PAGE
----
MELBOURNE (Reuters) - Daniil Medvedev enjoyed a rush of confidence on Saturday after securing his first appearance in the last 16 of a Grand Slam and the Russian tyro hopes to ride it to an unlikely victory over top seed Novak Djokovic at the Australian Open.
The 22-year-old Muscovite crushed former world number seven David Goffin 6-2 7-6(3) 6-3 of Belgium at Melbourne Arena and now heads into the biggest match of his career feeling he is playing with house money.
Like many of his generation, Medvedev grew up watching Djokovic battling ‘Big Four’ rivals for Grand Slam trophies and has huge respect for the Serb’s record and reputation.
Yet he also believes the 31-year-old is not quite the player he was, even as the world number one bids for a third major title in succession.
“...what I can only say is that probably he is not playing as he was before,” 15th seed Medvedev told reporters.
“Or that’s just (my) feeling. Because before, when he was young, I was just watching on TV but it was just something insane when he was playing Andy (Murray) or somebody for five hours and you couldn’t see one down (level), it was only up.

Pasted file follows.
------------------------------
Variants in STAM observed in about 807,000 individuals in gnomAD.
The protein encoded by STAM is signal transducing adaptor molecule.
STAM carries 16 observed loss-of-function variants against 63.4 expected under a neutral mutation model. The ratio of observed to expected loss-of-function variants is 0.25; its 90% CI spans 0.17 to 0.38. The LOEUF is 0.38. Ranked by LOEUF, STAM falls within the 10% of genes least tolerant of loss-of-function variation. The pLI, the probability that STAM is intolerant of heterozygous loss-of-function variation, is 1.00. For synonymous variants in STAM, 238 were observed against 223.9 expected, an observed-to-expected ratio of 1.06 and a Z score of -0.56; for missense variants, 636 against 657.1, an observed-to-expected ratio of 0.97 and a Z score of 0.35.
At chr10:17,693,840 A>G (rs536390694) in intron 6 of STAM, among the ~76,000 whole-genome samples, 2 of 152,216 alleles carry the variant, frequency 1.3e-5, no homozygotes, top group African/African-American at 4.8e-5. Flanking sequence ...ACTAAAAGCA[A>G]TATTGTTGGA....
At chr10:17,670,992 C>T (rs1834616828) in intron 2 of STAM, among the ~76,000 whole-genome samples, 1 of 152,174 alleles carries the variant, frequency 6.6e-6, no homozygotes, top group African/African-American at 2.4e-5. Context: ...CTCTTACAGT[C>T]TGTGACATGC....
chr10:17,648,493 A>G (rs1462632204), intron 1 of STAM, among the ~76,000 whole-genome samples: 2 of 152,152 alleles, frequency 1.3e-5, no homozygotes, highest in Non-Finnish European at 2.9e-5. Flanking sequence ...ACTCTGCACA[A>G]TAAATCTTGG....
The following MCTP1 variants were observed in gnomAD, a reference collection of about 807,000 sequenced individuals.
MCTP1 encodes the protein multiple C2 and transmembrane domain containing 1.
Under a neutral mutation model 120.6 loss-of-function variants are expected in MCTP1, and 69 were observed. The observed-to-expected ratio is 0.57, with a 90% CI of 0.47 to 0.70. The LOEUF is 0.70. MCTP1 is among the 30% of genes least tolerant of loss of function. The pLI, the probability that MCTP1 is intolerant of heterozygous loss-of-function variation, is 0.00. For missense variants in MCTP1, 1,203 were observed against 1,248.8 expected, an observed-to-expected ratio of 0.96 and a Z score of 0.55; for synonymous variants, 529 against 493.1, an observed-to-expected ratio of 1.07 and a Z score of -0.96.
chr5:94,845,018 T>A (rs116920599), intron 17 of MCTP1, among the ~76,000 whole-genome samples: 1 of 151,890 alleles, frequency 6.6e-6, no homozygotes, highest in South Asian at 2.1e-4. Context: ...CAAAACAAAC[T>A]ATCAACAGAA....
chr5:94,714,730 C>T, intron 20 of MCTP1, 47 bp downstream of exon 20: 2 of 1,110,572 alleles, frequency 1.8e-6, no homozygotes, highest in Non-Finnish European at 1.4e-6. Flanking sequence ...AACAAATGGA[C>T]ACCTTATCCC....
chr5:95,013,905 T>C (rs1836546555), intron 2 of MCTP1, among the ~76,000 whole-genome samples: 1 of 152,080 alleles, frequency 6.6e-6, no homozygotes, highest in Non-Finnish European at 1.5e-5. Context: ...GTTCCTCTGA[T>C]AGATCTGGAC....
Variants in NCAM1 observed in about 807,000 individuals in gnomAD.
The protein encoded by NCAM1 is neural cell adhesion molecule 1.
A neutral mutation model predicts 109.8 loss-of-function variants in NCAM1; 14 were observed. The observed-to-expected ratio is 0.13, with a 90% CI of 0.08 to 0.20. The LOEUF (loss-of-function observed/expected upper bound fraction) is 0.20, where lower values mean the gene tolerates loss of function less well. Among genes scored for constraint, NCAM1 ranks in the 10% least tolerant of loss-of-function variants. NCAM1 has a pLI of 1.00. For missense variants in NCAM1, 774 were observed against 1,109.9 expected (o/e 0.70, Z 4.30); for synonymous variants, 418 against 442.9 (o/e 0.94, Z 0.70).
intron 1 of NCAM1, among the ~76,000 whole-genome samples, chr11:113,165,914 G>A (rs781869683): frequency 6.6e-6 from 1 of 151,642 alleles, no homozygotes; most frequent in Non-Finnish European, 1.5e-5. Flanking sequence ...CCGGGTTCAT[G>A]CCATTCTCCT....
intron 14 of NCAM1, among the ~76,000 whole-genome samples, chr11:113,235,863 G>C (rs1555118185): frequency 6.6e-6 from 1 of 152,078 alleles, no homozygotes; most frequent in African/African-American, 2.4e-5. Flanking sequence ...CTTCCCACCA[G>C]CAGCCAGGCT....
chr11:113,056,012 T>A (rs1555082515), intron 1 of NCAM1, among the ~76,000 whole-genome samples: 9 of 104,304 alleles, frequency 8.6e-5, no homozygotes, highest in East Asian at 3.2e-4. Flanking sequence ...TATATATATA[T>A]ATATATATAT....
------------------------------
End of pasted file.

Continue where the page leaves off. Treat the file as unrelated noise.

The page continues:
“It’s not the same right now, you always have chances to beat him.
“That’s why he lost three times to ‘Next Gen’ players last year and I’m going to try to find my chances.”
Medvedev may study Alexander Zverev’s upset win over the Serb at the season-ending World Tour Finals, or seek inspiration from compatriot Karen Khachanov who downed Djokovic at the Paris Masters in a major upset.
Twenty-year-old Greek trailblazer Stefanos Tsitsipas also dumped Djokovic out of the Montreal Masters.
Medvedev has played him twice, losing in straight sets at Eastbourne in 2017 but took a set off the 14-times Grand Slam champion before retiring during a Davis Cup tie the same year.
“I don’t know if he was in a worse moment (at the time),” Medvedev said.
“I managed to give him some fight, even if I lost two times. I’ve improved a lot since then.
“I think what is good about Novak is he gives you time.
“It’s not like Roger (Federer) who takes the ball early, or like (Milos) Raonic when you know you’re going to run like crazy for all the match.
“Of course, he’s a great player but at least you can build your game, this gives you some chances.”
The tall Russian was a man in a hurry in 2018, starting the year ranked 84th and finishing 16th after winning three titles in a breakout season.
Whatever happens against Djokovic, Medvedev is glad just to feel he belongs in the second week of a Grand Slam.
“It feels really good. I’m happy about my performance, in fact, let’s say (it’s) the first time I’m in the top 16 seeds and I managed to prove it that I’m not there for nothing,” he said.
Editing by Ken Ferris